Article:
Microspheres for drug-delivery to the colon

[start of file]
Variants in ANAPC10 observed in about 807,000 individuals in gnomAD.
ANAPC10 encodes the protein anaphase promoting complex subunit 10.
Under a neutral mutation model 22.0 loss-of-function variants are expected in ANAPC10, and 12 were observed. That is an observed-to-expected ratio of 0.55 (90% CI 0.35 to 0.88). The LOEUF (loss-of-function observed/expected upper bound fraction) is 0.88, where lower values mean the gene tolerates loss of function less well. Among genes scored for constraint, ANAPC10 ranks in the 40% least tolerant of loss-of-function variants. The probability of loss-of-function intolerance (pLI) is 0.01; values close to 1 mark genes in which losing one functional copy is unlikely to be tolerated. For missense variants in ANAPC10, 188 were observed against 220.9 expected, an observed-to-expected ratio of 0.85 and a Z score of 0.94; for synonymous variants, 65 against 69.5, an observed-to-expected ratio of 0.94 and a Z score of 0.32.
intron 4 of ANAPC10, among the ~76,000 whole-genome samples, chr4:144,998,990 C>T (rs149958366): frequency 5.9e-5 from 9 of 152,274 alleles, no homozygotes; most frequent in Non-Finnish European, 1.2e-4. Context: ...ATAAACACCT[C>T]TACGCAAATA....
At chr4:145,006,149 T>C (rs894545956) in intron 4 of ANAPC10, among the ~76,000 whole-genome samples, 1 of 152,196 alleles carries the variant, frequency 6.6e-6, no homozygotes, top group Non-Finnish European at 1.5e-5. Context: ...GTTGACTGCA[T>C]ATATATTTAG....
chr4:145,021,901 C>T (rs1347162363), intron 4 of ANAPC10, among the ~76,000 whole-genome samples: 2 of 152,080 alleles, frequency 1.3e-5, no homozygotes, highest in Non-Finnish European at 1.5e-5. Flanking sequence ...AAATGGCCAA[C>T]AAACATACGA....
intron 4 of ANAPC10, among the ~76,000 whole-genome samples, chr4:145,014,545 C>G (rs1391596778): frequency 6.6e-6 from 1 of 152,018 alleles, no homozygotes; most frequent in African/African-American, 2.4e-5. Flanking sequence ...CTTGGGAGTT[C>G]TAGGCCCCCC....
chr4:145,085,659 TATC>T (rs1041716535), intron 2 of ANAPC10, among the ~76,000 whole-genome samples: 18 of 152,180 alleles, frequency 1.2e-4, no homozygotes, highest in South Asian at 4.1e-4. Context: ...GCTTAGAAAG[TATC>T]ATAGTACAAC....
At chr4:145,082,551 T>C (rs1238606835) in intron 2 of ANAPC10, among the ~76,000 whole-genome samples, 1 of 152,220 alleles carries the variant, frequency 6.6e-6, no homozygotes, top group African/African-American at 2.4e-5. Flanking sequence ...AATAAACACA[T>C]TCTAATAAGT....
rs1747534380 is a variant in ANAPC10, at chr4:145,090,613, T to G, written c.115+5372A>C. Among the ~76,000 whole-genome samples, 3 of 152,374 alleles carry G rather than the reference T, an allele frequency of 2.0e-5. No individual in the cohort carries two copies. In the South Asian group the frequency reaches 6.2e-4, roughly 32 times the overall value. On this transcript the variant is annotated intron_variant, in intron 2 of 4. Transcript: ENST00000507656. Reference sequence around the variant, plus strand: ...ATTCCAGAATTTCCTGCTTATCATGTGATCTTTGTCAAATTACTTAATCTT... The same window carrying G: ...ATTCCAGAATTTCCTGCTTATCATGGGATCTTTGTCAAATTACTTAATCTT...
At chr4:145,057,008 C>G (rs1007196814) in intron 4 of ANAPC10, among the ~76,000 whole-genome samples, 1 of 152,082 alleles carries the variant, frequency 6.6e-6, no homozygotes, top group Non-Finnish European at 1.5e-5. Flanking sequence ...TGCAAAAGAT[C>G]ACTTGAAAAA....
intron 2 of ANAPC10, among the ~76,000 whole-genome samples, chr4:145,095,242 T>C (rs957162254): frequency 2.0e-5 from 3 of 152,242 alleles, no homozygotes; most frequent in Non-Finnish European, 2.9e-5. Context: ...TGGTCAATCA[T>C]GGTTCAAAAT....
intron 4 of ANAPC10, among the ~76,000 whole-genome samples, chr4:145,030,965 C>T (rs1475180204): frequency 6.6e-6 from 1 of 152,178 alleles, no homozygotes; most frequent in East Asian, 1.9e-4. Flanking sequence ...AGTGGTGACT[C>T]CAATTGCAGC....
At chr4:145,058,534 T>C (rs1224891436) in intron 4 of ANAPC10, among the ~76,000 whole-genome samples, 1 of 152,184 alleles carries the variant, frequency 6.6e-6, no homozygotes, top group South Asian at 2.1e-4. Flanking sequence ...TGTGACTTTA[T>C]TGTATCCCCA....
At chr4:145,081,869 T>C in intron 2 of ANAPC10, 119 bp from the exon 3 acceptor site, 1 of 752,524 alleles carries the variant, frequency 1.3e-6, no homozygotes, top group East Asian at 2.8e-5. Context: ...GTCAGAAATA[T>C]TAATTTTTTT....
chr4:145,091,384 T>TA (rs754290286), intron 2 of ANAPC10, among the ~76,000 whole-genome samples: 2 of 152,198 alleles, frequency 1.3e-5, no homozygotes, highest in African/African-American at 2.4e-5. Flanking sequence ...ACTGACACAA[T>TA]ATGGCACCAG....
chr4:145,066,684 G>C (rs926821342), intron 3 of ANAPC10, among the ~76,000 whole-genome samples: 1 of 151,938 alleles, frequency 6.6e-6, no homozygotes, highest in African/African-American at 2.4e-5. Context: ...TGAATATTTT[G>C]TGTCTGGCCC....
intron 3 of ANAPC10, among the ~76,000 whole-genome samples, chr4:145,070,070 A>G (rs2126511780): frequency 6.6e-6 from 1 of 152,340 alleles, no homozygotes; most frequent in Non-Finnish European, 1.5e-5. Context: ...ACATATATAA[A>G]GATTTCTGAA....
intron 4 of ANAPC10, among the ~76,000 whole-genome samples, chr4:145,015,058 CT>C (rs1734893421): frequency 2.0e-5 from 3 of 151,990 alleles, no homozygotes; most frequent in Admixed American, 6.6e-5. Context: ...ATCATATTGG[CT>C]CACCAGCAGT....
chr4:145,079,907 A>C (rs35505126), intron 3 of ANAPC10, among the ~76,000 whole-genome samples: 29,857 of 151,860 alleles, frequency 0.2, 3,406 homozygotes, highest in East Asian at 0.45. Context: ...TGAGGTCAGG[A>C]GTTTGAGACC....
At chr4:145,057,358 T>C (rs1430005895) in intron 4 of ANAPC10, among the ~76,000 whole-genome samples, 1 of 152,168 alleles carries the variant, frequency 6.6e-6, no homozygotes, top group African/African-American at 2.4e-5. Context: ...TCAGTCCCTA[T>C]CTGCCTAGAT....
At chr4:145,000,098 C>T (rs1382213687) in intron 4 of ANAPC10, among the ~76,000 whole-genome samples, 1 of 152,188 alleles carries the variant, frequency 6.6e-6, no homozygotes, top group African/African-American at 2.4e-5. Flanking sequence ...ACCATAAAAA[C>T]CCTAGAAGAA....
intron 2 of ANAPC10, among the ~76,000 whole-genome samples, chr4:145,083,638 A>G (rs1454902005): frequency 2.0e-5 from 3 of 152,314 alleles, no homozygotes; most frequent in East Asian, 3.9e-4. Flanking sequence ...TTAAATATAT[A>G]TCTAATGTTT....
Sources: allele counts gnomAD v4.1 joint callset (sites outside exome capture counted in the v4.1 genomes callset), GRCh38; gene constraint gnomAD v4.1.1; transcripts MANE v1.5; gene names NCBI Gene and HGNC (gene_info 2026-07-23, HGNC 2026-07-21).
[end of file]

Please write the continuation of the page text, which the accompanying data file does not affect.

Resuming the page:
The work described in this thesis is concerned with the design and evaluation of microsphere-based systems for drug delivery into the colon. In initial experiments, techniques were devised for the preparation of microspheres from two sustained-release acrylic polymers, Eudragits RL and RS, using emulsification-solvent evaporation techniques. For Eudragit RS microspheres containing the drug 5-aminosalicylic acid, the rate of drug release could be controlled by the type and concentration of surfactant used for preparation. Consequently, formulations could be produced which released encapsulated drug instantaneously or over many hours. The surfactants may have been altering the structure of the microsphere drug-polymer matrix. Two novel analytical techniques were employed to characterise Eudragit RS microspheres containing sulphasalazine. Fourier transform-Raman spectroscopy was successfully used as a non-destructive method for qualitative and quantitative microsphere characterisation. The technique provided good agreement with a UVspectrophotometric method in quantifying the amount of drug in microsphere samples. X-ray photoelectron spectroscopy was used to estimate the concentration of sulphasalazine at the microsphere surface for samples produced with or without the use of surfactant. Across a wide range of microsphere drug loadings, the surface drug content remained remarkably constant, but was consistently lower in the samples produced using surfactant. In a parallel programme of work, using gamma scintigraphy, the transit rate of different sizes of radiolabelled materials through the human colon was investigated to determine whether there was an optimal size to maximise colon residence. There was no clear evidence of any difference in the colon residence time of 0.2 mm particles, 5 mm tablets, or 8.4 mm tablets, under normal conditions and during accelerated transit. In healthy subjects, 50% of a dose of 0.2 mm particles resided in the ascending colon for an average of 11 hours. Finally, an in vivo biopharmaceutical evaluation of sulphapyridine-containing Eudragit RS microspheres in the human colon was undertaken. For this study, a neutron activation technique was developed for microsphere radiolabelling. Microspheres could be successfully radiolabelled by incorporation of samarium oxide followed by neutron irradiation. However, it was necessary to minimise the period of irradiation and the amount of incorporated samarium oxide, since high levels of both were found to adversely affect microsphere performance. The in vivo investigation revealed that the colonic bioavailability of sustained-release microencapsulated sulphapyridine was less than 50% of unencapsulated sulphapyridine powder. This shortfall was possibly due to an interaction of the drug with colonic bacteria or in vitro/in vivo differences in microsphere drug release characteristics.